Nano VC funding hits high in 2005


By David Forman

Private nanotechnology funding in the United States climbed significantly in 2005. However, the increase is the result of a number of funding trends rather than a simple rush to nanotech.

By the third quarter of 2005 (the latest for which data was available), venture firms had invested $312.8 million in 39 deals, according to a Small Times analysis of the MoneyTree Survey by PricewaterhouseCoopers, Thomson Venture Economics and the National Venture Capital Association. That puts calendar year 2005 on pace to far exceed the $196.4 million investors put into 45 nanotechnology companies during 2004.

The figure also tops the $301 million record for nanotechnology funding that Small Times tracked in 2003. Anecdotal reports suggest the pace would continue through the end of the fourth quarter, which would result in a deal total topping last year’s count of 45.

However, beware predictions of a nano stampede. What we are seeing is a cyclical wave of larger rounds for expansion and later stage companies combined with smaller rounds for newly funded companies, set against an overall uptick in venture funding. Although a slew of high profile nanotech funding announcements took place in the first quarter, the bulk of the year’s activity occurred in the second. Investors closed on $140.6 million in 17 rounds in the second quarter, compared with $108.8 million in 12 rounds in the first.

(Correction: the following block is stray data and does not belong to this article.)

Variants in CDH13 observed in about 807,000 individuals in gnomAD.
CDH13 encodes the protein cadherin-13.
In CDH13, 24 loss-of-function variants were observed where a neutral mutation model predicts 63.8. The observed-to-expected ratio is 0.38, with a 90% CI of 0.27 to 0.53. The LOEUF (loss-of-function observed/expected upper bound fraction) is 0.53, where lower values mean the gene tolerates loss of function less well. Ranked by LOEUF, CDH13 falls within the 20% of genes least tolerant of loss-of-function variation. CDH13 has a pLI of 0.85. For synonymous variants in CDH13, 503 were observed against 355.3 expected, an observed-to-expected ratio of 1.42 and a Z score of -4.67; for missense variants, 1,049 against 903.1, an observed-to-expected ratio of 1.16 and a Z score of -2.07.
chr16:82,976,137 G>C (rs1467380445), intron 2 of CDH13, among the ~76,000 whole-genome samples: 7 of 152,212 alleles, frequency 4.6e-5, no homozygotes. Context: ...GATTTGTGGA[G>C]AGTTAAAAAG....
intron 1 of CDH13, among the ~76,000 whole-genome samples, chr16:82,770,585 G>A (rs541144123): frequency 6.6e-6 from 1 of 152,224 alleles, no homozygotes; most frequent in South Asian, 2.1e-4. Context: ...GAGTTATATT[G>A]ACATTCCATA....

In a pattern reminiscent of late 2003 and early 2004, first and second quarter nanotech funding shifted somewhat toward expansion and later stage funding as a small cadre of startups appeared to prepare for the possibility of an exit window in 2006. Funding in the third quarter fell off somewhat, with 10 rounds accounting for $63.4 million.

Venture capital funding in the category of small tech - which comprises nanotechnology, MEMS and microsystems - is also on track to exceed 2004’s performance. In the first three quarters of 2005, investors deployed $812.8 million in 91 funding rounds, putting the category on track for its highest activity levels since 2001.